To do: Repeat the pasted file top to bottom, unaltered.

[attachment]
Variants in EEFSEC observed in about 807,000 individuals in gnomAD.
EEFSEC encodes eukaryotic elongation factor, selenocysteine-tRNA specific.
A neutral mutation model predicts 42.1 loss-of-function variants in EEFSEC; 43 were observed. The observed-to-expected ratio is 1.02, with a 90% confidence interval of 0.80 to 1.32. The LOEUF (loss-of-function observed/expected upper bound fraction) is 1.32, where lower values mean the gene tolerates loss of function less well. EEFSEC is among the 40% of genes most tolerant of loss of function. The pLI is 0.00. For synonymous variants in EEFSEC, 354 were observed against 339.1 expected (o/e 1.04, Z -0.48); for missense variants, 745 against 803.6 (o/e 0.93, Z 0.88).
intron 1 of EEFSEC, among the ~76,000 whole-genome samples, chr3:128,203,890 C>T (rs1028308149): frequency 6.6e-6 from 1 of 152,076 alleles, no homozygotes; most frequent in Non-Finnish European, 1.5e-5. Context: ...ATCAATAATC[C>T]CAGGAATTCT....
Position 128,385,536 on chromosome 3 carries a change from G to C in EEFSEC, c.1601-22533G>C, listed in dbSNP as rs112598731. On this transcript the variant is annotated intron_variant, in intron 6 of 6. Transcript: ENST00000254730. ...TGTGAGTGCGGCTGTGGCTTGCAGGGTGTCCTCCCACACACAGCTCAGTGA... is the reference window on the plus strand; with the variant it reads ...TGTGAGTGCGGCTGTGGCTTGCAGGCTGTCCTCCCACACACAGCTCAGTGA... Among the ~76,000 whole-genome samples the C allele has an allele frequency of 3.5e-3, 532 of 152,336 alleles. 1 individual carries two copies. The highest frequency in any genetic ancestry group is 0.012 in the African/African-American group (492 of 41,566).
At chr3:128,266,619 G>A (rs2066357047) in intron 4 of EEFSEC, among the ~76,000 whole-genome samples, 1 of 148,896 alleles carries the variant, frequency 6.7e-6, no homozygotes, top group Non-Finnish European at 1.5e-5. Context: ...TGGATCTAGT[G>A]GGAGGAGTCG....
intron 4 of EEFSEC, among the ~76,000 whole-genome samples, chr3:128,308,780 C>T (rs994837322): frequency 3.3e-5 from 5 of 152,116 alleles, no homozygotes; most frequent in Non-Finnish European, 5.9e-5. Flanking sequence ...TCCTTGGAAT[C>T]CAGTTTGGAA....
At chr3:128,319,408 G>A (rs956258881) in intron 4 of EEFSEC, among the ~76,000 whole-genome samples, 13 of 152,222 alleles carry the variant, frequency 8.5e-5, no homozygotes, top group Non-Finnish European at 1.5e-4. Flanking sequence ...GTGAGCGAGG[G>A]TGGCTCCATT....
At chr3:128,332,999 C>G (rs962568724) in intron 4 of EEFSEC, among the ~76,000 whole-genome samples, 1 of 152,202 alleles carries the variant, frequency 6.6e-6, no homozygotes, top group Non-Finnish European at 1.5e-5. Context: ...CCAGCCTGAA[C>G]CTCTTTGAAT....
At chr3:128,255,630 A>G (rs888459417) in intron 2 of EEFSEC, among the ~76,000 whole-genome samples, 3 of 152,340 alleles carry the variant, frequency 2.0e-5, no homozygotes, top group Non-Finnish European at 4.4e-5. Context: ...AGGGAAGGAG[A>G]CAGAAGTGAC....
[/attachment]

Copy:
Variants in EEFSEC observed in about 807,000 individuals in gnomAD.
EEFSEC encodes eukaryotic elongation factor, selenocysteine-tRNA specific.
A neutral mutation model predicts 42.1 loss-of-function variants in EEFSEC; 43 were observed. The observed-to-expected ratio is 1.02, with a 90% confidence interval of 0.80 to 1.32. The LOEUF (loss-of-function observed/expected upper bound fraction) is 1.32, where lower values mean the gene tolerates loss of function less well. EEFSEC is among the 40% of genes most tolerant of loss of function. The pLI is 0.00. For synonymous variants in EEFSEC, 354 were observed against 339.1 expected (o/e 1.04, Z -0.48); for missense variants, 745 against 803.6 (o/e 0.93, Z 0.88).
intron 1 of EEFSEC, among the ~76,000 whole-genome samples, chr3:128,203,890 C>T (rs1028308149): frequency 6.6e-6 from 1 of 152,076 alleles, no homozygotes; most frequent in Non-Finnish European, 1.5e-5. Context: ...ATCAATAATC[C>T]CAGGAATTCT....
Position 128,385,536 on chromosome 3 carries a change from G to C in EEFSEC, c.1601-22533G>C, listed in dbSNP as rs112598731. On this transcript the variant is annotated intron_variant, in intron 6 of 6. Transcript: ENST00000254730. ...TGTGAGTGCGGCTGTGGCTTGCAGGGTGTCCTCCCACACACAGCTCAGTGA... is the reference window on the plus strand; with the variant it reads ...TGTGAGTGCGGCTGTGGCTTGCAGGCTGTCCTCCCACACACAGCTCAGTGA... Among the ~76,000 whole-genome samples the C allele has an allele frequency of 3.5e-3, 532 of 152,336 alleles. 1 individual carries two copies. The highest frequency in any genetic ancestry group is 0.012 in the African/African-American group (492 of 41,566).
At chr3:128,266,619 G>A (rs2066357047) in intron 4 of EEFSEC, among the ~76,000 whole-genome samples, 1 of 148,896 alleles carries the variant, frequency 6.7e-6, no homozygotes, top group Non-Finnish European at 1.5e-5. Context: ...TGGATCTAGT[G>A]GGAGGAGTCG....
intron 4 of EEFSEC, among the ~76,000 whole-genome samples, chr3:128,308,780 C>T (rs994837322): frequency 3.3e-5 from 5 of 152,116 alleles, no homozygotes; most frequent in Non-Finnish European, 5.9e-5. Flanking sequence ...TCCTTGGAAT[C>T]CAGTTTGGAA....
At chr3:128,319,408 G>A (rs956258881) in intron 4 of EEFSEC, among the ~76,000 whole-genome samples, 13 of 152,222 alleles carry the variant, frequency 8.5e-5, no homozygotes, top group Non-Finnish European at 1.5e-4. Flanking sequence ...GTGAGCGAGG[G>A]TGGCTCCATT....
At chr3:128,332,999 C>G (rs962568724) in intron 4 of EEFSEC, among the ~76,000 whole-genome samples, 1 of 152,202 alleles carries the variant, frequency 6.6e-6, no homozygotes, top group Non-Finnish European at 1.5e-5. Context: ...CCAGCCTGAA[C>G]CTCTTTGAAT....
At chr3:128,255,630 A>G (rs888459417) in intron 2 of EEFSEC, among the ~76,000 whole-genome samples, 3 of 152,340 alleles carry the variant, frequency 2.0e-5, no homozygotes, top group Non-Finnish European at 4.4e-5. Context: ...AGGGAAGGAG[A>G]CAGAAGTGAC....